Saturday, April 24, 2010
5 Star kiri koss
This all came about because the past few days I had a visitor from abroad who loves local food. And we were running out of options of "decent" Sri Lankan restaurants to take him to. After all there are only a handful. Suddenly I remembered that someone had told me about a nuga something at the Cinnamon grand and found out more details about it. And this was how ended up walking into Nuga Gama at Cinnamon Grand on a rainy friday night.
It felt like that we were entering the set of Survivor as there were torches lit on both sides of the path and in a few seconds we had left the city behind and walked into a typical village. The romanticised view of the picture book village I might add. But still the atmosphere was remarkable. Thatched mud huts around a centerpiece of a giant nuga tree.
What I can't believe is how I had not heard of it for so long or seen it. And I visit the cinnamon grand quite a lot. The fact that it is hidden away in the back yard and to enter it you have to go through the cheers pub could be one of the reasons. But I had not come acros even one article or face book status update or anything like that other than that whisper sometime back.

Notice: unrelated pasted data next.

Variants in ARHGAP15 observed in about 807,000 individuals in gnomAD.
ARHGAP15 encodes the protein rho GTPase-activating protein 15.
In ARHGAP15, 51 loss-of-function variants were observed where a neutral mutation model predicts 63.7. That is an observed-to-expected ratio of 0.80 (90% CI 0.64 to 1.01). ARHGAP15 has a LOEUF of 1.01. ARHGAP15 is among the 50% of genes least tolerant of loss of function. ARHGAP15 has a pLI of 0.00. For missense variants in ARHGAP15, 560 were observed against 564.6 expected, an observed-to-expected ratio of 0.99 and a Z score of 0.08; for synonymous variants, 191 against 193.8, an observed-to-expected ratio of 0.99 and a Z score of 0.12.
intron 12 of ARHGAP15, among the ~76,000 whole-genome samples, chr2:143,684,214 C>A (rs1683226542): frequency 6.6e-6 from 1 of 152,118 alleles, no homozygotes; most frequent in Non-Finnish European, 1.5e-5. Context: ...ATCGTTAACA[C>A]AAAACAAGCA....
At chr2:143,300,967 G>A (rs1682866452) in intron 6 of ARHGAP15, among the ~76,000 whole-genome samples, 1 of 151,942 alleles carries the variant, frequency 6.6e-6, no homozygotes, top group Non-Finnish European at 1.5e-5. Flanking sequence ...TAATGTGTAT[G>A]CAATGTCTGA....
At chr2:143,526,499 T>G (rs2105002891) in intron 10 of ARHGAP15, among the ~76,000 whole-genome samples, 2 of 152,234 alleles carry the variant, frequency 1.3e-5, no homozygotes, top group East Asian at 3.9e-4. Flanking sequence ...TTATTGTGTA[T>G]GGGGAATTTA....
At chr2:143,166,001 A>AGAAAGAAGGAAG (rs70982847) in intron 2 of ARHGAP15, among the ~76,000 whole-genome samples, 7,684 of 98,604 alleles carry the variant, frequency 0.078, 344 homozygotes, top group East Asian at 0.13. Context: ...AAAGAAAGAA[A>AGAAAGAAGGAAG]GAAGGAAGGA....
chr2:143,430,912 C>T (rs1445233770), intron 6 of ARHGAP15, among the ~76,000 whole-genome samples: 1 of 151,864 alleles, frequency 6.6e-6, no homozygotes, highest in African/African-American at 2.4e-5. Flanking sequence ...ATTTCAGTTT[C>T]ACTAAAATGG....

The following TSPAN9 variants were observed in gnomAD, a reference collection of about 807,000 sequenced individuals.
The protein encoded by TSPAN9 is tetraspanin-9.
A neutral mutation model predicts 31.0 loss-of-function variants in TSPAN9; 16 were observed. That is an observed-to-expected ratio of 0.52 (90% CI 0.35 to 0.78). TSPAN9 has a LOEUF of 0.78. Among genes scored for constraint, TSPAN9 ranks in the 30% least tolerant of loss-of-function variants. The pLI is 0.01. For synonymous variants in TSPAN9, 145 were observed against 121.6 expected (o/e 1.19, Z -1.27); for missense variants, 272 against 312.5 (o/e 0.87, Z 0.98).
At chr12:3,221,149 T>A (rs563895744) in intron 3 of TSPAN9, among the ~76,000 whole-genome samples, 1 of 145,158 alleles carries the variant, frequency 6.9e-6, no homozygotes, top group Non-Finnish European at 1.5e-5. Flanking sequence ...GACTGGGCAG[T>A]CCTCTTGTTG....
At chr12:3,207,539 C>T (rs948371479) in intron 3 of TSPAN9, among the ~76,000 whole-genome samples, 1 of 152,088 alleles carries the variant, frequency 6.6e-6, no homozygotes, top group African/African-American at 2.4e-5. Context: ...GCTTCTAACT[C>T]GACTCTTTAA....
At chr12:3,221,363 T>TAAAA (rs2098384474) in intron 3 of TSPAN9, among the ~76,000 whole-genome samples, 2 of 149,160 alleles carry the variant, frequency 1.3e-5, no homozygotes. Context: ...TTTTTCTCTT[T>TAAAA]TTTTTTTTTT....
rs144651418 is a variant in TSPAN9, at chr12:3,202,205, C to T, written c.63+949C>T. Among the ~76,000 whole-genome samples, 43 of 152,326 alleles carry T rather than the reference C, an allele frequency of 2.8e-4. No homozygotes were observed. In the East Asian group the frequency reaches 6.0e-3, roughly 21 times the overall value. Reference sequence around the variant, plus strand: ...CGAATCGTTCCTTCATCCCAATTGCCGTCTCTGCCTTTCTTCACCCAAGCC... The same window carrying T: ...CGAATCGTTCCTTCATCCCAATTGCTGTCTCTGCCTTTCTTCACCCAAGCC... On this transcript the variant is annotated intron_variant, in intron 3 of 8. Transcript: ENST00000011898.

Fortunately it had stopped raining. Nuga gama can not be experienced in the rain unless you like the thought of walking to the hut where the buffet is under an umbrella.
We had a table set up under the nuga tree but it was damp humid and hot. The atmosphere though was amazing. The staff are dressed in traditional sarong and baniyan and the captain is dressed up as a headman. The buffet consists of all local delicasies. And everything is cooked right in front of you in clay pots on open fires.
They even have toddy to drink which is nice though I was adviced by the waiter it should not be drunk in the night as it ferments in the stomach.
I only wished the pricing too could be as authentic as the village atmosphere.
Well personally I don't like to pay five star prices to eat string hoppers, red rice, kohila and kiri kos. Predictably I found the food dull and tasteless I am sure it has been made to suit a foreigners palate knowing no Sri Lankan would visit this place of their own accod unless they have someone to entertain. But my guests enjoyed it I think.
However I could not help but feel absolute admiration for the money making skills of those who run this hotel. This would have been one of the cheapest restaurants to invest in. No light fittings (they use lamps - you can see how dark it is in the picture) or air conditioners. Absolutely cheap to construct since its only mud huts. No expensive kitchen equipment. And no expensive food items. This is stuff which you would find in a hundred rupee lunch or dinner packet. And they are selling it for roughly fifteen hundred bucks per person. Don't let me start on the price of drinks one round of drinks and dinner for four came to ten grand. And the place was crowded.
Is it pure genius or sheer greed what do you think?